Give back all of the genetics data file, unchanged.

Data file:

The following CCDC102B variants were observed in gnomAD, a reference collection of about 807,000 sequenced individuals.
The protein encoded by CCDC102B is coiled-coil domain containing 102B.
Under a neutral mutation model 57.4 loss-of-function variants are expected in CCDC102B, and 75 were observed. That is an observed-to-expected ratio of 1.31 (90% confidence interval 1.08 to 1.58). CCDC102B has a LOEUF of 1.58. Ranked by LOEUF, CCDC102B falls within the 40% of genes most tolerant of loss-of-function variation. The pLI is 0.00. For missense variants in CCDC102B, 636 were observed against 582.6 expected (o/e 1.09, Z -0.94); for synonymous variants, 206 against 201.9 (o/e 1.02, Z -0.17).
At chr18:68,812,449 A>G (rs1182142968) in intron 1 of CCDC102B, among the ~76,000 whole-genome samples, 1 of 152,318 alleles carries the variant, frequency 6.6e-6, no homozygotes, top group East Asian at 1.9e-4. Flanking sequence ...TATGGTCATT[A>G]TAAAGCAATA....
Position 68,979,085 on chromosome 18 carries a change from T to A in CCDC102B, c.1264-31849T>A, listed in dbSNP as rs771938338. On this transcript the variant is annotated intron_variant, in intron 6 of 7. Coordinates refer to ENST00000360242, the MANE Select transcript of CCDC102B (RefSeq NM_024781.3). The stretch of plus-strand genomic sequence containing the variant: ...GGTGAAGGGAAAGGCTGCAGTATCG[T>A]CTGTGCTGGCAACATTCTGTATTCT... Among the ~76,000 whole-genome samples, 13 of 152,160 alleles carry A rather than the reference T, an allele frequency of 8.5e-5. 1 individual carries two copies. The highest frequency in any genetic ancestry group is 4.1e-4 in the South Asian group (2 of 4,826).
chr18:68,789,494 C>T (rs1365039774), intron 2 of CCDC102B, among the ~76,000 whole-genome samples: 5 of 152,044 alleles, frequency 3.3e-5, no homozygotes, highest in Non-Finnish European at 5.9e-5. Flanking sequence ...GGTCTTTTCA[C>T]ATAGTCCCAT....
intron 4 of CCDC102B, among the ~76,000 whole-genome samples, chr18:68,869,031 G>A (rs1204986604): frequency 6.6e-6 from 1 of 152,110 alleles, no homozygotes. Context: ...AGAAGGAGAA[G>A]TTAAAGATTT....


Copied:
The following CCDC102B variants were observed in gnomAD, a reference collection of about 807,000 sequenced individuals.
The protein encoded by CCDC102B is coiled-coil domain containing 102B.
Under a neutral mutation model 57.4 loss-of-function variants are expected in CCDC102B, and 75 were observed. That is an observed-to-expected ratio of 1.31 (90% confidence interval 1.08 to 1.58). CCDC102B has a LOEUF of 1.58. Ranked by LOEUF, CCDC102B falls within the 40% of genes most tolerant of loss-of-function variation. The pLI is 0.00. For missense variants in CCDC102B, 636 were observed against 582.6 expected (o/e 1.09, Z -0.94); for synonymous variants, 206 against 201.9 (o/e 1.02, Z -0.17).
At chr18:68,812,449 A>G (rs1182142968) in intron 1 of CCDC102B, among the ~76,000 whole-genome samples, 1 of 152,318 alleles carries the variant, frequency 6.6e-6, no homozygotes, top group East Asian at 1.9e-4. Flanking sequence ...TATGGTCATT[A>G]TAAAGCAATA....
Position 68,979,085 on chromosome 18 carries a change from T to A in CCDC102B, c.1264-31849T>A, listed in dbSNP as rs771938338. On this transcript the variant is annotated intron_variant, in intron 6 of 7. Coordinates refer to ENST00000360242, the MANE Select transcript of CCDC102B (RefSeq NM_024781.3). The stretch of plus-strand genomic sequence containing the variant: ...GGTGAAGGGAAAGGCTGCAGTATCG[T>A]CTGTGCTGGCAACATTCTGTATTCT... Among the ~76,000 whole-genome samples, 13 of 152,160 alleles carry A rather than the reference T, an allele frequency of 8.5e-5. 1 individual carries two copies. The highest frequency in any genetic ancestry group is 4.1e-4 in the South Asian group (2 of 4,826).
chr18:68,789,494 C>T (rs1365039774), intron 2 of CCDC102B, among the ~76,000 whole-genome samples: 5 of 152,044 alleles, frequency 3.3e-5, no homozygotes, highest in Non-Finnish European at 5.9e-5. Flanking sequence ...GGTCTTTTCA[C>T]ATAGTCCCAT....
intron 4 of CCDC102B, among the ~76,000 whole-genome samples, chr18:68,869,031 G>A (rs1204986604): frequency 6.6e-6 from 1 of 152,110 alleles, no homozygotes. Context: ...AGAAGGAGAA[G>A]TTAAAGATTT....